by K.M. Claxton
Parents' Union School Diamond Jubilee Magazine, 1891-1951 (Ambleside: PUS, 1951), p. 30-32
Miss Molyneux has asked me to write for the Jubilee Magazine an account of the naming of the Planet Pluto by a P.U.S. child who was in our school at Oxford.
Apparently it all began with a school 'Nature Walk,' which one day turned itself into a 'Planet Walk.' In those days Form II still used The Sciences by E.S. Holden, and we had reached the section on the relative sizes and distances of the planets.
Leaving the sun, represented by a circle two feet in diameter on the classroom blackboard,we set out from school carefully carrying our planets! After 41 paces we placed Mercury (the size of a canary seed) on an Oxford pavement. After 77 paces Venus, represented by a small pea, was laid down. The Earth (a pea), Mars (a small bead), Jupiter (an orange), Saturn (a golf ball) were duly placed—the last after zealous counting of 1,019 paces. Then we let our imaginations finish the walk, for it seemed best to turn back while our enthusiasm and our legs still remained fresh!
The follow-up to this came with the reading of The Age of Fable, when the children became more intimate with the characters of the Greek gods and goddesses and the nature of their kingdoms. And then one morning, March 14th, 1930, we read in the daily papers of the discovery of a new planet, a 'dark' one.
On May 28th, the following letter appeared in the London Times:
PLUTO To the Editor of The Times,
A postcard from the President of the Royal Astronomical Society offered this morning 'congratulations to the suggester of the name Pluto, now adopted.' The reference is to a telegram which I had the honour of sending to the Lowell Observatory on March 15th (the day after the news of discovery reached England), conveying the suggestion of Miss Venetia Burney, of Oxford, made at breakfast on that day to her grandfather, who sent it on to me. I may add that it was a brother of that same grandfather who suggested the names Deimos and Phobbs for the satellites of Mars.
University Observatory, Oxford. May 27th.
The London Times had already referred to Venetia's suggestion as 'perhaps the happiest of all essays in classical nomenclature.' Venetia was then eleven, and when her grandfather read aloud at the breakfast table about the discovery of the planet, Venetia had ruminated for a moment or two and had then quietly said, 'I think Pluto would be a good name for it.'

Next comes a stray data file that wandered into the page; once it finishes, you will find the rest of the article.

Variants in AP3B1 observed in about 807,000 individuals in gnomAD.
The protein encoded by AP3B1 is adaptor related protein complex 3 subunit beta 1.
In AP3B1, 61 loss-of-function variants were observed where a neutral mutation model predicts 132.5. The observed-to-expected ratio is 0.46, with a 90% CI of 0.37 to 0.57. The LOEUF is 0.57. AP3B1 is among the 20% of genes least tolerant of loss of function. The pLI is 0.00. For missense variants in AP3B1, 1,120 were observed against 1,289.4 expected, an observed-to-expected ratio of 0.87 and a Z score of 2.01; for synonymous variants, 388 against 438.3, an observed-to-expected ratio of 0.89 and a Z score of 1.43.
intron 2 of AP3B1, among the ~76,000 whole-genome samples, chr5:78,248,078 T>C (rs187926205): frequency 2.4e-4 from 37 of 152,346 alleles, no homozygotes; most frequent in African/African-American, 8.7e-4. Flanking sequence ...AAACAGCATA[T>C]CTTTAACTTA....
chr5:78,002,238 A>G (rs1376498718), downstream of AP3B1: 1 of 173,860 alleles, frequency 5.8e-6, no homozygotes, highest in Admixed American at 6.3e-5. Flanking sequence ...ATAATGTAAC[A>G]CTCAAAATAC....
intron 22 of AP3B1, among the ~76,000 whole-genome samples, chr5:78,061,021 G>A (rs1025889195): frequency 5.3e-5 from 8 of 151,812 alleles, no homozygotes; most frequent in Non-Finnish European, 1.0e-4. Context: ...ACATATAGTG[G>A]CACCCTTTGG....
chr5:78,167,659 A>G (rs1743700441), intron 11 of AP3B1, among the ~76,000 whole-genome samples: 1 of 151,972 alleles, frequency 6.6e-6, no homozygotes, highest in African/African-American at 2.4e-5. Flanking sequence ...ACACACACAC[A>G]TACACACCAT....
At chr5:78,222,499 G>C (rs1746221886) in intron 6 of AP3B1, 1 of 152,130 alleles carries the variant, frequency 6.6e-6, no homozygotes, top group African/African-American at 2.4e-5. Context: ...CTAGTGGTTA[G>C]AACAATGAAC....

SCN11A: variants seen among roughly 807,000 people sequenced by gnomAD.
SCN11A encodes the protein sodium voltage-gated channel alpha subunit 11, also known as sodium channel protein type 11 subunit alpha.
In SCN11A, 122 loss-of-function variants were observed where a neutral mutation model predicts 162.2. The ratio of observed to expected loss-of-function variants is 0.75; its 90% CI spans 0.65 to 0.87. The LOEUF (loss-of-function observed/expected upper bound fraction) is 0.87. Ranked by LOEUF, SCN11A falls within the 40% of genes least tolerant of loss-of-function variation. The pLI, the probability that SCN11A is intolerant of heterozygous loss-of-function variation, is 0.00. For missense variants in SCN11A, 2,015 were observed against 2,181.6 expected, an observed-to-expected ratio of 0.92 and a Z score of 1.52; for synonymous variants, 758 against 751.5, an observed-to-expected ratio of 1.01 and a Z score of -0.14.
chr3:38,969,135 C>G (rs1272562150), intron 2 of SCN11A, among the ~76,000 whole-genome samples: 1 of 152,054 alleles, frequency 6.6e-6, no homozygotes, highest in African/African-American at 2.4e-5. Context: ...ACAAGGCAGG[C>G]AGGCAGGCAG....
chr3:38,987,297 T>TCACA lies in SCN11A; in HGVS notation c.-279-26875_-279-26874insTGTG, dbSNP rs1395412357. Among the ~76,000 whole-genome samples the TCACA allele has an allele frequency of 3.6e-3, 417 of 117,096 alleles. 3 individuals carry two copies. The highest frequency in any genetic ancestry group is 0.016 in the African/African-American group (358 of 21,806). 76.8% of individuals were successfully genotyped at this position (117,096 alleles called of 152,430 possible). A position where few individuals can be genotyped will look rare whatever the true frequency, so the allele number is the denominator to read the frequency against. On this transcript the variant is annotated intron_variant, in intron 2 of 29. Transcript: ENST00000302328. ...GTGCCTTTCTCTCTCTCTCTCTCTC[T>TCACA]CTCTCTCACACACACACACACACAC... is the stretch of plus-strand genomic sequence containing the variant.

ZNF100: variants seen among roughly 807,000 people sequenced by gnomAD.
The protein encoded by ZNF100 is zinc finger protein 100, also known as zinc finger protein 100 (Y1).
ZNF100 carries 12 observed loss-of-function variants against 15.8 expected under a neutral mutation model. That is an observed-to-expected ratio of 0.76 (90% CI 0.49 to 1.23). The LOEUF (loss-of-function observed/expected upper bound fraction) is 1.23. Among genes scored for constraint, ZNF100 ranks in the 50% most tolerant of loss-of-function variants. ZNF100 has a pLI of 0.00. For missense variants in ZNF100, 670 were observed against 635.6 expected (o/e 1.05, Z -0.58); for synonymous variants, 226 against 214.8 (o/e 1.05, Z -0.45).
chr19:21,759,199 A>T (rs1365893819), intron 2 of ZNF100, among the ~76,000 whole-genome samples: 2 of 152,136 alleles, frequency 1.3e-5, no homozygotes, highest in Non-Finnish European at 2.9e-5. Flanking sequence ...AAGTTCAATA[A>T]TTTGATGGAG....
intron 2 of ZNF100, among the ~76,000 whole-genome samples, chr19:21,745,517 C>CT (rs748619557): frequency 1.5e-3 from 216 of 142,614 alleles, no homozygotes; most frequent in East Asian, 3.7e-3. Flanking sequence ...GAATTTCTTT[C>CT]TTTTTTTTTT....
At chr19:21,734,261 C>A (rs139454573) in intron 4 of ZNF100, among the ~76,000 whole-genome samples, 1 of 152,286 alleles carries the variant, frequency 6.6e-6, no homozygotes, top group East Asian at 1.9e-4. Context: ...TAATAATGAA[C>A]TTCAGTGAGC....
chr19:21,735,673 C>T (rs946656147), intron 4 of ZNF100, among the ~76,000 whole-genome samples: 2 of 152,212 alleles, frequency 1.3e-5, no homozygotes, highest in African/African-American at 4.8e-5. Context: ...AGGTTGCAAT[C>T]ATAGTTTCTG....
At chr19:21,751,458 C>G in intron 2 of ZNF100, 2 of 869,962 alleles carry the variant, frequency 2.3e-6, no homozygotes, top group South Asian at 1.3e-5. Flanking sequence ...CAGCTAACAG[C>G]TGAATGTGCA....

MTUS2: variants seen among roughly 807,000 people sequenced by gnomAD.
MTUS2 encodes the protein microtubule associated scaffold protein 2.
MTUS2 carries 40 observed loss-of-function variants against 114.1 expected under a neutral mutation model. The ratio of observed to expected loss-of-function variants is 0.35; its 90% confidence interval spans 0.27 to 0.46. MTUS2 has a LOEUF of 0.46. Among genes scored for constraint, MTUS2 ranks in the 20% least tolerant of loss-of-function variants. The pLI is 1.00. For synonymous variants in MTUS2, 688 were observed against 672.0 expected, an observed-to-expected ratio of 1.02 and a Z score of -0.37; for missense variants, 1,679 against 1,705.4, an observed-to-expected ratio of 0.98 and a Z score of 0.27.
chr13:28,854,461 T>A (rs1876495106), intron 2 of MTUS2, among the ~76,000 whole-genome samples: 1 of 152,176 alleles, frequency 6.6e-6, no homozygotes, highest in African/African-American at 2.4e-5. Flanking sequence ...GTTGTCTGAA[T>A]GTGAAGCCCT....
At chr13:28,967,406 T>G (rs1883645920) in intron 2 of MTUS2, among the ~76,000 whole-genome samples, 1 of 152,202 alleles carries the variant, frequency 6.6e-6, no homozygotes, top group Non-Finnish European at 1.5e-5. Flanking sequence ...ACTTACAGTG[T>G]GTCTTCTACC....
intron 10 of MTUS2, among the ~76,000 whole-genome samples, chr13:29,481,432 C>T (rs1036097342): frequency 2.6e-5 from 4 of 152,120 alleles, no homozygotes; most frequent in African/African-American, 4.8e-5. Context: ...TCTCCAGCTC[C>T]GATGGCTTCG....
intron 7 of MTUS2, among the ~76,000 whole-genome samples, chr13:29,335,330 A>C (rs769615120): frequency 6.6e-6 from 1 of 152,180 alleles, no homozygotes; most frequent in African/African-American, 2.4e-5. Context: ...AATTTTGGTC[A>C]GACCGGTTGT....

On June 1st I received the following letter from Venetia's grandfather, Falconer Madan, late Librarian of the Bodleian Library. At first I thought this too personal to quote, but I see that Mr. Madan, though knowing little of the details of our work, grasped the impact that a P.N.E.U. upbringing can have on a child, and the inner perception which it gives. The 'scrap of paper' referred to, provided for the school a gramophone for Music Appreciation. It was christened Pluto and is still in existence.
Dear Miss Claxton,
I hope you will kindly accept the enclosed 'scrap of paper' as a personal gift to yourself, in grateful recognition of your share in Venetia's triumphant naming of the new planet. The Royal Astronomical Society itself could think of no better name than Kronos (not Chronos), the father of Jupiter.
I really believe that had Venetia been under a less capable and enlightened teacher than yourself, the suggestion of Pluto would not have occurred to her, or, if made, would have been just a vague guess. As it is, her acquaintance with some of the old legends of Greek and Roman deities and heroes, and that 'nature walk' in the University Parks, by which she was taught the relative spaces between the Planets and the Sun, and the gloom of distance, enabled her to grasp at once the special elements of the situation, and to be the first to make a suggestion so reasonable as to be accepted (it appears) by the whole world of Science.
I am quite aware that you might say that you are only carrying out the syllabus of the P.U.S., but I venture to congratulate you on your part in an achievement which is not only notable and singular but also of lasting interest.
All will realise that our part in this was small, and that much is due to Venetia's Mother, who herself taught Venetia in the P.U.S. and steadfastly sought the best for her. But I venture to think that this letter will be an inspiration to others as it was to me, showing as it does how big doors swing on little hinges.
We are unable to assess our work, but we have been shown the bread of life, and if we freely cast it upon the waters it will truly nourish.
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